Everything is coming up roses for those who collect rose bowls. What is a rose bowl? It is defined as a glass bowl that turns in at the top, and does not turn out again. Typically, Victorian style, these bowls have crimped rims, smooth rims, or scalloped rims and come in every color and style imaginable.
Rose bowls were popular from the 1880's into the 1920's and are still being made. They were popular for holding old fashion cabbage roses, which have always been my favorite, and my rose of choice to plant still today. Cabbage roses were the beautiful roses you see romantic pictures of that have full and very fragrant blooms each having 100-200 petals per flower. Unfortunately, these beautiful roses have very delicate stems which is why they are probably not as commonly seen today as the average bud vase is not capable of supporting a bouquet of these beauties therefore, the need for rose bowls.
Short and shallow rose bowls with their small openings are perfect for holding several full cabbage rose blooms that would otherwise topple over in a conventional bud vase. Rose bowls range from simple to extravagant and can be found in various styles. They are typically made with very colorful art glass to compliment any floral arrangement. Almost every glass maker produced rose bowls making them quite collectible over the years for many glass enthusiasts.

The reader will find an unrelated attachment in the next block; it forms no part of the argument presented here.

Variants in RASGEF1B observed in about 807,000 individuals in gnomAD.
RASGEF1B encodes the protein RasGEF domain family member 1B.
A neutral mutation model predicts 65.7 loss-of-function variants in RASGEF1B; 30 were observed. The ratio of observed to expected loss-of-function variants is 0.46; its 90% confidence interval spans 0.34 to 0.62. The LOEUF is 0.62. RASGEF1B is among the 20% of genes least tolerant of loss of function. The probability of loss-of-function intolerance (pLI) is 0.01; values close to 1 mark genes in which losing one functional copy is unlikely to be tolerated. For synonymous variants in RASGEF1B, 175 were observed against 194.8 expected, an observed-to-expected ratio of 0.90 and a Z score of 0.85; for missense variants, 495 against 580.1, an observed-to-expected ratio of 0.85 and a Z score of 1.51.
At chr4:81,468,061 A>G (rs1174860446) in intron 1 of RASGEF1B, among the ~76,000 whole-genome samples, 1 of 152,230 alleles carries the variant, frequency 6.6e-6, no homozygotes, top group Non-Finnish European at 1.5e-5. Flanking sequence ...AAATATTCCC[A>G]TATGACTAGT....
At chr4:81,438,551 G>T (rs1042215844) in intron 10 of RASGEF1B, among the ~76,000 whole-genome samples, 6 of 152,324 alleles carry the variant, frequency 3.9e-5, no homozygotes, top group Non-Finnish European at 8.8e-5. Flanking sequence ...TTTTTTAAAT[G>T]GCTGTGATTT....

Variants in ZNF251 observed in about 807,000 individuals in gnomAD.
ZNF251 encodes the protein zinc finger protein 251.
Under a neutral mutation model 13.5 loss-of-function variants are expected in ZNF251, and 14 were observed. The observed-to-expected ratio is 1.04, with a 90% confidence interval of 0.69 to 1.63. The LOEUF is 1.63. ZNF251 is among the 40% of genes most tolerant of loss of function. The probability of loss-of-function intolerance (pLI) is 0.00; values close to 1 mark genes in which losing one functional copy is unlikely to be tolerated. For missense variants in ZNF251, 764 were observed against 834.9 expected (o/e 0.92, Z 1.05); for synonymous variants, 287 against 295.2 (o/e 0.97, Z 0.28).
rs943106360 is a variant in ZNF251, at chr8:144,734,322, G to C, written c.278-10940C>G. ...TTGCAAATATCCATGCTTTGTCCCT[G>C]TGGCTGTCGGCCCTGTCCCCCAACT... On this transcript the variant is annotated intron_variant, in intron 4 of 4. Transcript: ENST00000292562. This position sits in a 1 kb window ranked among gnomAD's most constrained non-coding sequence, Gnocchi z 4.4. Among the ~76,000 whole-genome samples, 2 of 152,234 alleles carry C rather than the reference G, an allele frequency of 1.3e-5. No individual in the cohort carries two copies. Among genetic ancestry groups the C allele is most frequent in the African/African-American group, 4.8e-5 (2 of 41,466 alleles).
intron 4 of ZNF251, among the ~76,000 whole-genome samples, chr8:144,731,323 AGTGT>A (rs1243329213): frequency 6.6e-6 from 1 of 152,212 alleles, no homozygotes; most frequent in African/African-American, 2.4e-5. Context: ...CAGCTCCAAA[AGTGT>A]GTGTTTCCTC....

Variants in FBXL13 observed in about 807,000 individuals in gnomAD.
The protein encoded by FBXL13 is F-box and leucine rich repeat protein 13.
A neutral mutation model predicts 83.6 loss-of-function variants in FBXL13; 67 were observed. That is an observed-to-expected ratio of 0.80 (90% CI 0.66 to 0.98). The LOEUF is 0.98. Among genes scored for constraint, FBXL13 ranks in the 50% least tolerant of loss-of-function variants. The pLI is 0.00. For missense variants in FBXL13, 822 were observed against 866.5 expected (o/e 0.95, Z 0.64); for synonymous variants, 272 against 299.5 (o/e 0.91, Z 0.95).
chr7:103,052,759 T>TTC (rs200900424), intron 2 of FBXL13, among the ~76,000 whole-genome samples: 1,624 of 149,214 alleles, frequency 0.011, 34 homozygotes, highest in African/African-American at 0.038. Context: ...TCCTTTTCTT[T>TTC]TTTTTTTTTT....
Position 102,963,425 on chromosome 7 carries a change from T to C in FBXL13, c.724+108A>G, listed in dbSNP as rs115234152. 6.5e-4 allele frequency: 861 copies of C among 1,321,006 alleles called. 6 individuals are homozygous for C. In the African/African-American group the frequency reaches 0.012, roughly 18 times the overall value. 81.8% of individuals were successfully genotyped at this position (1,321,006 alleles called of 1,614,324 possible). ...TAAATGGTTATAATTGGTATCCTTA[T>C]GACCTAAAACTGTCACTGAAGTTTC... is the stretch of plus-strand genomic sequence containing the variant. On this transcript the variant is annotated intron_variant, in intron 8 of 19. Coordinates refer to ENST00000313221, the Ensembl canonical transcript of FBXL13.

If you find yourself wanting to try your garden roses in a rose bowl, spring is here and the perfect time to plant roses. If you love roses as much as I do, I would urge you to plant a few of these old fashion beauties in the garden. Depending on your climate many of them make great short climbers on a pergola or short arbor.
English roses or old cabbage roses do not have long sturdy stems and the blooms hang when in full bloom. Their petals don't last long, but I find that only adds to their beauty when you walk outside to find a patio full of rose petals. Their smell is like no other, and even though they don't last long I still find them worth planting.
My personal favorites are Abraham Darby, a light pink with an extravagant smell, and Pat Austin a beautiful coppery apricot both of which I grow in pots on the patio with obelisks. If you decide to try a few don't forget to buy a few rose bowls to bring a little beauty inside. You definitely can't find these roses to buy in bouquets, you just have to grow them yourself.
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